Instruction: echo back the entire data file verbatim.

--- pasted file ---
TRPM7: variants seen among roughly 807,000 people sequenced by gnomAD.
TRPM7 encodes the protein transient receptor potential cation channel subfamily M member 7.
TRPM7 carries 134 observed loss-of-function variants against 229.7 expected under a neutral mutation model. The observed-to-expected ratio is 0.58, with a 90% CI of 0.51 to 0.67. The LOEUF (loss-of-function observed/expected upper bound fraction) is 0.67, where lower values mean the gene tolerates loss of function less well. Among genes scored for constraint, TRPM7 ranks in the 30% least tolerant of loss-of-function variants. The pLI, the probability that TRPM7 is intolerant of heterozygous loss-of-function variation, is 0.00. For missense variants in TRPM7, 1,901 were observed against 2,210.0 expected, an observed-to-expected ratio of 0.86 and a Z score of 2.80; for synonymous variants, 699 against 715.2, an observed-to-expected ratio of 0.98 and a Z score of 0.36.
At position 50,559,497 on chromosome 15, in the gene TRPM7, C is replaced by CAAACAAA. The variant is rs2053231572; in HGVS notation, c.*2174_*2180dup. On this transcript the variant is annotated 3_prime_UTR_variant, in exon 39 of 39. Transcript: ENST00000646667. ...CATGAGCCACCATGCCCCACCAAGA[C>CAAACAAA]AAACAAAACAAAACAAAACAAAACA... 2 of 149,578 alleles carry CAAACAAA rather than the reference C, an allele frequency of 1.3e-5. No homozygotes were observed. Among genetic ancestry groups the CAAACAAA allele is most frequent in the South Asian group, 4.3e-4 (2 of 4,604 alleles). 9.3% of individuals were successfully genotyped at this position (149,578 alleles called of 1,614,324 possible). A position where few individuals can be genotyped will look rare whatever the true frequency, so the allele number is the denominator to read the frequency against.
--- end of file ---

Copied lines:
TRPM7: variants seen among roughly 807,000 people sequenced by gnomAD.
TRPM7 encodes the protein transient receptor potential cation channel subfamily M member 7.
TRPM7 carries 134 observed loss-of-function variants against 229.7 expected under a neutral mutation model. The observed-to-expected ratio is 0.58, with a 90% CI of 0.51 to 0.67. The LOEUF (loss-of-function observed/expected upper bound fraction) is 0.67, where lower values mean the gene tolerates loss of function less well. Among genes scored for constraint, TRPM7 ranks in the 30% least tolerant of loss-of-function variants. The pLI, the probability that TRPM7 is intolerant of heterozygous loss-of-function variation, is 0.00. For missense variants in TRPM7, 1,901 were observed against 2,210.0 expected, an observed-to-expected ratio of 0.86 and a Z score of 2.80; for synonymous variants, 699 against 715.2, an observed-to-expected ratio of 0.98 and a Z score of 0.36.
At position 50,559,497 on chromosome 15, in the gene TRPM7, C is replaced by CAAACAAA. The variant is rs2053231572; in HGVS notation, c.*2174_*2180dup. On this transcript the variant is annotated 3_prime_UTR_variant, in exon 39 of 39. Transcript: ENST00000646667. ...CATGAGCCACCATGCCCCACCAAGA[C>CAAACAAA]AAACAAAACAAAACAAAACAAAACA... 2 of 149,578 alleles carry CAAACAAA rather than the reference C, an allele frequency of 1.3e-5. No homozygotes were observed. Among genetic ancestry groups the CAAACAAA allele is most frequent in the South Asian group, 4.3e-4 (2 of 4,604 alleles). 9.3% of individuals were successfully genotyped at this position (149,578 alleles called of 1,614,324 possible). A position where few individuals can be genotyped will look rare whatever the true frequency, so the allele number is the denominator to read the frequency against.